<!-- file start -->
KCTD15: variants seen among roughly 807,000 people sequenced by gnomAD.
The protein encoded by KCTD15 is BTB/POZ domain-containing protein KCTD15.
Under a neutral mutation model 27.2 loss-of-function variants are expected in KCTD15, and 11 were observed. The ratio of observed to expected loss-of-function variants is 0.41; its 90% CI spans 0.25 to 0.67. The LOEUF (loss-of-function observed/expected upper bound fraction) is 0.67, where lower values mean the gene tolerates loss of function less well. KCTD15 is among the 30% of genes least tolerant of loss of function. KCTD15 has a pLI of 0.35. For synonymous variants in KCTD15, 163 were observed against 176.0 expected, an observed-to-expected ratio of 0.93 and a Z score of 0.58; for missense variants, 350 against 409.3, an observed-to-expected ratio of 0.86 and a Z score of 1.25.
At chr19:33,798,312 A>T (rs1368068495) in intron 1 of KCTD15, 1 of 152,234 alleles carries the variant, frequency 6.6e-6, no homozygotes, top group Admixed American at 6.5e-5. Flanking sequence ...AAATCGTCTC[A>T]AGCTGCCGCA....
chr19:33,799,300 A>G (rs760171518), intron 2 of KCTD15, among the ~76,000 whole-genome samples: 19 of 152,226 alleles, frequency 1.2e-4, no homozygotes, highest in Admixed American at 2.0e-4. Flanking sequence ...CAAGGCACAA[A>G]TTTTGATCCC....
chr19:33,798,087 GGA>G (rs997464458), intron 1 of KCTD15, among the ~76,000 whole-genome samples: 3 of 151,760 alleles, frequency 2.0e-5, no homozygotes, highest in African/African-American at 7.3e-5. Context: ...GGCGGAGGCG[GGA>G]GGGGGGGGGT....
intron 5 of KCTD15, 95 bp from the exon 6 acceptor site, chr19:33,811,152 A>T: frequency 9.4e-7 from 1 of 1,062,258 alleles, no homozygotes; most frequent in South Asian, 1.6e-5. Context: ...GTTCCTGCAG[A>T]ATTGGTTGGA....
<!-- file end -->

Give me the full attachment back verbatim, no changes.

KCTD15: variants seen among roughly 807,000 people sequenced by gnomAD.
The protein encoded by KCTD15 is BTB/POZ domain-containing protein KCTD15.
Under a neutral mutation model 27.2 loss-of-function variants are expected in KCTD15, and 11 were observed. The ratio of observed to expected loss-of-function variants is 0.41; its 90% CI spans 0.25 to 0.67. The LOEUF (loss-of-function observed/expected upper bound fraction) is 0.67, where lower values mean the gene tolerates loss of function less well. KCTD15 is among the 30% of genes least tolerant of loss of function. KCTD15 has a pLI of 0.35. For synonymous variants in KCTD15, 163 were observed against 176.0 expected, an observed-to-expected ratio of 0.93 and a Z score of 0.58; for missense variants, 350 against 409.3, an observed-to-expected ratio of 0.86 and a Z score of 1.25.
At chr19:33,798,312 A>T (rs1368068495) in intron 1 of KCTD15, 1 of 152,234 alleles carries the variant, frequency 6.6e-6, no homozygotes, top group Admixed American at 6.5e-5. Flanking sequence ...AAATCGTCTC[A>T]AGCTGCCGCA....
chr19:33,799,300 A>G (rs760171518), intron 2 of KCTD15, among the ~76,000 whole-genome samples: 19 of 152,226 alleles, frequency 1.2e-4, no homozygotes, highest in Admixed American at 2.0e-4. Flanking sequence ...CAAGGCACAA[A>G]TTTTGATCCC....
chr19:33,798,087 GGA>G (rs997464458), intron 1 of KCTD15, among the ~76,000 whole-genome samples: 3 of 151,760 alleles, frequency 2.0e-5, no homozygotes, highest in African/African-American at 7.3e-5. Context: ...GGCGGAGGCG[GGA>G]GGGGGGGGGT....
intron 5 of KCTD15, 95 bp from the exon 6 acceptor site, chr19:33,811,152 A>T: frequency 9.4e-7 from 1 of 1,062,258 alleles, no homozygotes; most frequent in South Asian, 1.6e-5. Context: ...GTTCCTGCAG[A>T]ATTGGTTGGA....